Saturday 23 December 2017

Anime REVIEW: Infini-T Force

Infini-T Force
Infini-T Force is available in streaming form on Viz Media (US Only)

With superhero crossovers all the rage these days what better way is there for Tatsunoko Production to celebrate their 55th anniversary than with a crossover of four of their most popular 70s superhero shows. The stars of Science Ninja Team Gatchaman, Hurricane Polymar, Neo Human Casshan and Tekkaman: The Space Knight come together in Infini-T Force – a new completely CGI series co-produced with distinguished Japanese CGI studio Digital Frontier (Appleseed, Resident Evil: Degeneration). The series ran for a total of 12 episodes, which an additional feature film planned for release sometime in 2018.

Ken the EagleHurricane Polymar

17-year-old Emi Kaidou is a seemingly normal girl living in the heart of Shibuya. After her father left without explanation several years ago, Emi has become listless with life and regularly suffers with suicidal thoughts. When Emi comes across the Case – an artefact with the power to grant wishes, she’s targeted by a group of villains who wish to claim its power for their own.

Protecting Emi are Ken “the Eagle” Washio, Hurricane Polymar/Takeshi Yoroi, Tekkaman/Jouji Minami and Casshan/Tetsuya Azuma – heroes from alternate worlds that have been destroyed by the villains’ mysterious leader, Z. Initially Emi wants nothing to do with the heroes or the battle for the Case, but that soon changes when Z is revealed to be her estranged father – Kazumichi Kaidou.

Tekkaman the Space KnightNeo Human Casshan

Perhaps the biggest question going into Infini-T Force is just how it can manage to do justice to four tent-pole Tatsunoko franchises in a mere 12 episodes, all while presenting its own satisfying story as well as being accessible to newcomers unfamiliar with the studio’s glory days. In terms of narrative alone the show is fairly successful at crafting its own (if somewhat predictable) storyline, but unfortunately struggles with the presentation of the heroes themselves. Though the characters themselves may be steeped in the past Infini-T Force has seemingly little time for nostalgia, with very little introduction or back story given to any of its four veterans. Their personalities also differ from that of the original selves, maturing what were once hot-headed and/or angst-driven heroes and turning them into surrogate father figures for the disillusioned Emi. This might come as a disappointment to some, but given the number of reboots and reinterpretations some of them have had over the years this doesn’t come as anything particularly new and anything only further adds to the multi-verse Infini-T Force sets out to create.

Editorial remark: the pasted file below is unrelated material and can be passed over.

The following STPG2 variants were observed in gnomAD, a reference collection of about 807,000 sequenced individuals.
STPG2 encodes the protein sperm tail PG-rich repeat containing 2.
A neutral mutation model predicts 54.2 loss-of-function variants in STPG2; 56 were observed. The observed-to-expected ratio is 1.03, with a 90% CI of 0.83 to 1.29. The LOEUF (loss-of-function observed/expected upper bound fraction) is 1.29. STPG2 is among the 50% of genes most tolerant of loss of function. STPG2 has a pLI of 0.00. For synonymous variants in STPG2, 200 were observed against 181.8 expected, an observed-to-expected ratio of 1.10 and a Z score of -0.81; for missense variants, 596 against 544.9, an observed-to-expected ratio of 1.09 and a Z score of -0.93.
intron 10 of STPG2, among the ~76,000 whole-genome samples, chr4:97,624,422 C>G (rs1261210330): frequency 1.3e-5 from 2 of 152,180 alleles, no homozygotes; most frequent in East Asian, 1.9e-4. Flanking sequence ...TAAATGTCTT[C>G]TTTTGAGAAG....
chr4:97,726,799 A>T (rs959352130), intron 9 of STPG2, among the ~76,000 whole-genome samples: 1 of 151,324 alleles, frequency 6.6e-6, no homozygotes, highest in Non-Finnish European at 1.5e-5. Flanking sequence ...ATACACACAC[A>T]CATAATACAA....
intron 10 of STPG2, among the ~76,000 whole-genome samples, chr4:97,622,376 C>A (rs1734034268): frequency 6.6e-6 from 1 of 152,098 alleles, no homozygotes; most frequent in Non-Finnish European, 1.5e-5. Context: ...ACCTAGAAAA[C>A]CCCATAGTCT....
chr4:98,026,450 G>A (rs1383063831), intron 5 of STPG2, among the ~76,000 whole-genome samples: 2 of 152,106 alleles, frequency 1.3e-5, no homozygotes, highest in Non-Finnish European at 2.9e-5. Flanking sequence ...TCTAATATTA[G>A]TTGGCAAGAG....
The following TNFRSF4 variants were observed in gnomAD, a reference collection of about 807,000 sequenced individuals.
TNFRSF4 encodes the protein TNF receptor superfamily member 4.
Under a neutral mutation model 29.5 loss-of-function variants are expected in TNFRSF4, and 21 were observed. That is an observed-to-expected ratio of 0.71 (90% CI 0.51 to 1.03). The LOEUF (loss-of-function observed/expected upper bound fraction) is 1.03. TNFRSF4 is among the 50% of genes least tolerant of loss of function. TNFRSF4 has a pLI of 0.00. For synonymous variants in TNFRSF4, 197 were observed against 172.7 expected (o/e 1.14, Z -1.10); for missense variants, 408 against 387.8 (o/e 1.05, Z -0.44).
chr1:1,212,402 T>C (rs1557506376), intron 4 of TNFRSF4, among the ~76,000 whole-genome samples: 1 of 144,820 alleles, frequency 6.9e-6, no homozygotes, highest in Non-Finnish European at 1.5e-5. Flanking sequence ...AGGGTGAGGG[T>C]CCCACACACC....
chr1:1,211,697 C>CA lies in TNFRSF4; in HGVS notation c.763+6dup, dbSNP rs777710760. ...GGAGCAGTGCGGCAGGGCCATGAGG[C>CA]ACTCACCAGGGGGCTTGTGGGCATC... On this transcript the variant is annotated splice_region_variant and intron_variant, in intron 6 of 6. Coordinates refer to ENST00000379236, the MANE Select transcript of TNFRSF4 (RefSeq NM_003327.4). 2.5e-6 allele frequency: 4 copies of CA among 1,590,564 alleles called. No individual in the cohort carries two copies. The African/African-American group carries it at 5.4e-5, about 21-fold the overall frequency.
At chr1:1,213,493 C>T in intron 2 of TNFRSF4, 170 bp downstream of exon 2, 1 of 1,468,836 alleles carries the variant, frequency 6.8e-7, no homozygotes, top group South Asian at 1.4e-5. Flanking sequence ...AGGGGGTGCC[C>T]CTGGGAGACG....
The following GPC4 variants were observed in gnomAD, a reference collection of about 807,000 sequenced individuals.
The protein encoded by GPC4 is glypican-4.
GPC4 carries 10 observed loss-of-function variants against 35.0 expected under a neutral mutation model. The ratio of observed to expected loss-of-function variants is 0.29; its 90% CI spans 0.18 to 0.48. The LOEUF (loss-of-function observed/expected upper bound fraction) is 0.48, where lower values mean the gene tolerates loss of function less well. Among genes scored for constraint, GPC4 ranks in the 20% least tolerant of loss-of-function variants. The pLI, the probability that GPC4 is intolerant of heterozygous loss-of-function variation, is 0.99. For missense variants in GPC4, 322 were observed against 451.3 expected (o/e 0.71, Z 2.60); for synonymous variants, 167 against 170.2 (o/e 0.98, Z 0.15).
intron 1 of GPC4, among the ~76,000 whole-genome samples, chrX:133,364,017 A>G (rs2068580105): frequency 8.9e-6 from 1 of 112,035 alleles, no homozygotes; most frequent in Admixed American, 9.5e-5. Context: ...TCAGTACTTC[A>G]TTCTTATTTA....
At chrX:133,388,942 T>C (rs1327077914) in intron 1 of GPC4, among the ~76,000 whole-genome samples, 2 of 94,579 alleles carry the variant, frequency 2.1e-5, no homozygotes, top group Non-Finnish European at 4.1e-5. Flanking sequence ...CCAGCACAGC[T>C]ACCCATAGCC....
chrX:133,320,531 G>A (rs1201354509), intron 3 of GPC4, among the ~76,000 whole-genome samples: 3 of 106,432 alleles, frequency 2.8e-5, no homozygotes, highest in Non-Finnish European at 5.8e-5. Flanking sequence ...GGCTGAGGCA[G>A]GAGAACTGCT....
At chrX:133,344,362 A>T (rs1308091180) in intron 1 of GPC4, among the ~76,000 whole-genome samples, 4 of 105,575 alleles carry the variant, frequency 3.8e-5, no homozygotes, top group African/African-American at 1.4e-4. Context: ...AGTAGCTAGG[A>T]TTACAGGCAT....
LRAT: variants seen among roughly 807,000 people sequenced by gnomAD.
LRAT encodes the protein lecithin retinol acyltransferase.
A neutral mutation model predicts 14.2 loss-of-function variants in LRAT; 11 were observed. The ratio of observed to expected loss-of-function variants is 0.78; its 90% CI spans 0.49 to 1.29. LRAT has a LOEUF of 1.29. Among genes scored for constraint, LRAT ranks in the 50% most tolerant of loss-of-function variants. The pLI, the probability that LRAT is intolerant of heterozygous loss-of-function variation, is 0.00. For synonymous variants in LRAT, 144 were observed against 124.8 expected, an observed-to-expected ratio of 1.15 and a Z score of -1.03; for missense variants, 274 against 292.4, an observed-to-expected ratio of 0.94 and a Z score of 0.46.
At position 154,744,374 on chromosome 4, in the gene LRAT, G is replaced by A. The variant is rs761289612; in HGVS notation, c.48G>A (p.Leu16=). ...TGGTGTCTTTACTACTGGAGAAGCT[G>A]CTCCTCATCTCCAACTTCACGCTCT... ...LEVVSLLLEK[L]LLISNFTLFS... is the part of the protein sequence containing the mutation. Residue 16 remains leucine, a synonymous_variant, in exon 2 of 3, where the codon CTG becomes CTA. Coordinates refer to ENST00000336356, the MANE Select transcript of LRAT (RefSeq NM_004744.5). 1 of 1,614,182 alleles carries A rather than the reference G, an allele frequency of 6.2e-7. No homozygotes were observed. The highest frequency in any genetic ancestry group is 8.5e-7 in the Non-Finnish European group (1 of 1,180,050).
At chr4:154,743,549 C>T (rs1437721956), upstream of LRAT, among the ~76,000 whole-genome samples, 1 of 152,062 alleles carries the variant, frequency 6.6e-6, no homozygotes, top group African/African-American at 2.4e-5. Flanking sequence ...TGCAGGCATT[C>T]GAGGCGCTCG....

Emi KaidouThe heroes' civilian guises

The premise of an all-powerful item falling into the hands of a character who only later learns to fully appreciate life doesn’t ever strike as being all that original, so it’s up to the characters themselves to make the show stand out. The situation with Emi already feels problematic, because even though she isn’t ever portrayed as particularly weak-willed the overall narrative does have an overwhelming sense of “suicidal female only finds value in life after being told by her four male friends”. But that aside Emi isn’t a bad character by any means, even if her initial dismissal of the four heroes and the Case can often be frustrating to watch.